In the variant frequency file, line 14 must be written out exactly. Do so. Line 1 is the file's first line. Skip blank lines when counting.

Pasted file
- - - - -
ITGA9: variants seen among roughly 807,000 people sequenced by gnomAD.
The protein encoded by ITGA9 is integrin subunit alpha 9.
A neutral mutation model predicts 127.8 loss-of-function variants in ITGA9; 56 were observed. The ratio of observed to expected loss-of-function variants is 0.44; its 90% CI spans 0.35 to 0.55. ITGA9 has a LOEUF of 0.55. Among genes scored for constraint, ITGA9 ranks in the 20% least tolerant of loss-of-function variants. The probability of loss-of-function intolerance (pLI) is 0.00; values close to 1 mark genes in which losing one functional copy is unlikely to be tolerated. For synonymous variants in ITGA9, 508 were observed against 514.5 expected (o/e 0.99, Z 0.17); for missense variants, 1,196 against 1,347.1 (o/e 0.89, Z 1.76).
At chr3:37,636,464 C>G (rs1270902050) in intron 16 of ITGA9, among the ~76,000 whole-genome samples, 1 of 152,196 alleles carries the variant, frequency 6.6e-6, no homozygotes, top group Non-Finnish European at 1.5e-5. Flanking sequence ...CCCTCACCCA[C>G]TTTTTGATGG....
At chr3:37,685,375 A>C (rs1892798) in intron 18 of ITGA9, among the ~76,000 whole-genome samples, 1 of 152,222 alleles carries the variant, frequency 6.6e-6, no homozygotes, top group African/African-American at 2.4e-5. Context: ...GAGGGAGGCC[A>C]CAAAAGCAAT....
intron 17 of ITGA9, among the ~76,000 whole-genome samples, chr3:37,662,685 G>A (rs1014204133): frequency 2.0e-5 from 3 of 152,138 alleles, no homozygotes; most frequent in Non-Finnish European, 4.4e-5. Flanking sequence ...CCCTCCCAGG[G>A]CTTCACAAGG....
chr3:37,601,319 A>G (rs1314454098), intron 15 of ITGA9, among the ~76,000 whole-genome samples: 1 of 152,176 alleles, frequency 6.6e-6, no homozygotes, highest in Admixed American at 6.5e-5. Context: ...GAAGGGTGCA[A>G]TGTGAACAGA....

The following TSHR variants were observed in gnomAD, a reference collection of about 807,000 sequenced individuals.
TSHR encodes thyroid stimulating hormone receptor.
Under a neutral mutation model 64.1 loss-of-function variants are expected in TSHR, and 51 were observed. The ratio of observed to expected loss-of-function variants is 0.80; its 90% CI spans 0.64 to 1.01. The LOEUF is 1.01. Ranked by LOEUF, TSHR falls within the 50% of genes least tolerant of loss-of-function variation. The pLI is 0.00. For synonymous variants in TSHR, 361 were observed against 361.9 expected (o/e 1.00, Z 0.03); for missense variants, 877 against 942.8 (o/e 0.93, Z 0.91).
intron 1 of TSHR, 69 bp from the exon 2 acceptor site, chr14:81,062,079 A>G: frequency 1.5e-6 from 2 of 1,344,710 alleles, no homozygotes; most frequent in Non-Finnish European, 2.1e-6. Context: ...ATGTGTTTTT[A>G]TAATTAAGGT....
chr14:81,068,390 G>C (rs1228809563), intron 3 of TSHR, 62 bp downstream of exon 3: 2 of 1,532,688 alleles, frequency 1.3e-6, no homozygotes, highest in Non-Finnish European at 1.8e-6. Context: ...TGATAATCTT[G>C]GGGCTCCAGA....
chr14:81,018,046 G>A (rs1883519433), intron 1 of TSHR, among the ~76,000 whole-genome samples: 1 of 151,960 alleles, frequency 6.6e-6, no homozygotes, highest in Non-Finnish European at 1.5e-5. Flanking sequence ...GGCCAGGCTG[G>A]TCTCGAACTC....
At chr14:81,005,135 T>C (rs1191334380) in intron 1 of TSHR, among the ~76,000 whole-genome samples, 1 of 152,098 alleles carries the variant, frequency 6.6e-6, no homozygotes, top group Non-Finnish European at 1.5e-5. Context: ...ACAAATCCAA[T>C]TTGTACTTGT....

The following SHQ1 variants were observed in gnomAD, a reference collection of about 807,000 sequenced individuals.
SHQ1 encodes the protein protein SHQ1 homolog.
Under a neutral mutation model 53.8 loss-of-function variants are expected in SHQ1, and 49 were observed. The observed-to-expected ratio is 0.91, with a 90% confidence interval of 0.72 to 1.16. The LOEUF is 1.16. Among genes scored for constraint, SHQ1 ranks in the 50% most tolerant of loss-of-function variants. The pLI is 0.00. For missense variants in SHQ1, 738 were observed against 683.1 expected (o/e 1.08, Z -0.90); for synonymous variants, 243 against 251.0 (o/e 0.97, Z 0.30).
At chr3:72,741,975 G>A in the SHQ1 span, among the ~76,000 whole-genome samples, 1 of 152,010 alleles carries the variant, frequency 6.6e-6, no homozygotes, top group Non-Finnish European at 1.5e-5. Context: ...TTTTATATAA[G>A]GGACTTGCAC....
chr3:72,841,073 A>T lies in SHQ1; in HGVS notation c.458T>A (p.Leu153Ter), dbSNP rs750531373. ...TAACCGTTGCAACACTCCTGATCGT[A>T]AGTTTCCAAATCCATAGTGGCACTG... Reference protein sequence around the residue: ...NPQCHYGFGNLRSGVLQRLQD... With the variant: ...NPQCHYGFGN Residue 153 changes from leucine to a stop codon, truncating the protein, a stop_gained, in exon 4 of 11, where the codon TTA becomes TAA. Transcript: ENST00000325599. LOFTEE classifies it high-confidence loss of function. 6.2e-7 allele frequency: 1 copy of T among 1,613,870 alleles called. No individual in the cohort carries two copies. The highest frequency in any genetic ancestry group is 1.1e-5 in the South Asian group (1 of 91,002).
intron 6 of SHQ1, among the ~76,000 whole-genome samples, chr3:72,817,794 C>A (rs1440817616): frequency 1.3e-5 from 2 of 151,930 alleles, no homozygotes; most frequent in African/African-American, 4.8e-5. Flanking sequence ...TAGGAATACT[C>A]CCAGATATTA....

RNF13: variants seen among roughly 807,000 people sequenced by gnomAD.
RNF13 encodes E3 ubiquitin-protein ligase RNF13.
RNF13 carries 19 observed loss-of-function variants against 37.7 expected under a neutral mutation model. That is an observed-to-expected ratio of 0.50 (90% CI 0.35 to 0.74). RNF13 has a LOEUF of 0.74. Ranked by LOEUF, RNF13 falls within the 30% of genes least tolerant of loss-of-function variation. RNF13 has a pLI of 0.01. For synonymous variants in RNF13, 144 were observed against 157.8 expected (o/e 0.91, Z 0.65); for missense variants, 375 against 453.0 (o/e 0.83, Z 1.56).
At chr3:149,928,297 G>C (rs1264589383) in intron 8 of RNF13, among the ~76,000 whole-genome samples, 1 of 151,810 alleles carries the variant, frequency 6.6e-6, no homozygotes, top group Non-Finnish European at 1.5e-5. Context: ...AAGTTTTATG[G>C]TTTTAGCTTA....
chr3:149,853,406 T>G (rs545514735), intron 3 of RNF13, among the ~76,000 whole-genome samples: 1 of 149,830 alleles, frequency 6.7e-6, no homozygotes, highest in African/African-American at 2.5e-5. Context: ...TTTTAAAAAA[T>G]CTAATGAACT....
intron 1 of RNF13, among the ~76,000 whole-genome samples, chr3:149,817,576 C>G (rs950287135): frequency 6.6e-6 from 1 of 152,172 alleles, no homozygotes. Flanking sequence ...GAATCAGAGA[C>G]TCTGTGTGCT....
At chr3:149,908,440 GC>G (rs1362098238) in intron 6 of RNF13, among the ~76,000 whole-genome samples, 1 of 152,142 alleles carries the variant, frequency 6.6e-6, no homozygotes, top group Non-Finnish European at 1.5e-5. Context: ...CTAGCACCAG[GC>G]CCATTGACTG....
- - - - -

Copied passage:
At chr14:81,005,135 T>C (rs1191334380) in intron 1 of TSHR, among the ~76,000 whole-genome samples, 1 of 152,098 alleles carries the variant, frequency 6.6e-6, no homozygotes, top group Non-Finnish European at 1.5e-5. Context: ...ACAAATCCAA[T>C]TTGTACTTGT....